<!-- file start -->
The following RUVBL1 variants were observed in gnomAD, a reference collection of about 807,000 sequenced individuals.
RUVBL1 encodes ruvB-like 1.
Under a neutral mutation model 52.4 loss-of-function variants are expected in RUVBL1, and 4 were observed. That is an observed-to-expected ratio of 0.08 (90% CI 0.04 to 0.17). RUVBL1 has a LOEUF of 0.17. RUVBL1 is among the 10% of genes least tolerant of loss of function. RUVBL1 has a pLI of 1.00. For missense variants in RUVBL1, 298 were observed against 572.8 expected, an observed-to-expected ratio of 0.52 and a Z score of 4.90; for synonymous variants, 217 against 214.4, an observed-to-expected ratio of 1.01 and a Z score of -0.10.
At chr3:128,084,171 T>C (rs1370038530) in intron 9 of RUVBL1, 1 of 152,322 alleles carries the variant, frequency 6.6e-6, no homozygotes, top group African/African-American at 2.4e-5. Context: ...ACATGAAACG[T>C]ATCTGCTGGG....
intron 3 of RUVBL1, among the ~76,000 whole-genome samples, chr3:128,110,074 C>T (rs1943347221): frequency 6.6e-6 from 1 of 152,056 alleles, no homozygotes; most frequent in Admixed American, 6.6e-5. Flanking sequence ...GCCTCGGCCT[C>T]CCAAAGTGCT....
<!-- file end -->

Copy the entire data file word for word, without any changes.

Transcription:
The following RUVBL1 variants were observed in gnomAD, a reference collection of about 807,000 sequenced individuals.
RUVBL1 encodes ruvB-like 1.
Under a neutral mutation model 52.4 loss-of-function variants are expected in RUVBL1, and 4 were observed. That is an observed-to-expected ratio of 0.08 (90% CI 0.04 to 0.17). RUVBL1 has a LOEUF of 0.17. RUVBL1 is among the 10% of genes least tolerant of loss of function. RUVBL1 has a pLI of 1.00. For missense variants in RUVBL1, 298 were observed against 572.8 expected, an observed-to-expected ratio of 0.52 and a Z score of 4.90; for synonymous variants, 217 against 214.4, an observed-to-expected ratio of 1.01 and a Z score of -0.10.
At chr3:128,084,171 T>C (rs1370038530) in intron 9 of RUVBL1, 1 of 152,322 alleles carries the variant, frequency 6.6e-6, no homozygotes, top group African/African-American at 2.4e-5. Context: ...ACATGAAACG[T>C]ATCTGCTGGG....
intron 3 of RUVBL1, among the ~76,000 whole-genome samples, chr3:128,110,074 C>T (rs1943347221): frequency 6.6e-6 from 1 of 152,056 alleles, no homozygotes; most frequent in Admixed American, 6.6e-5. Flanking sequence ...GCCTCGGCCT[C>T]CCAAAGTGCT....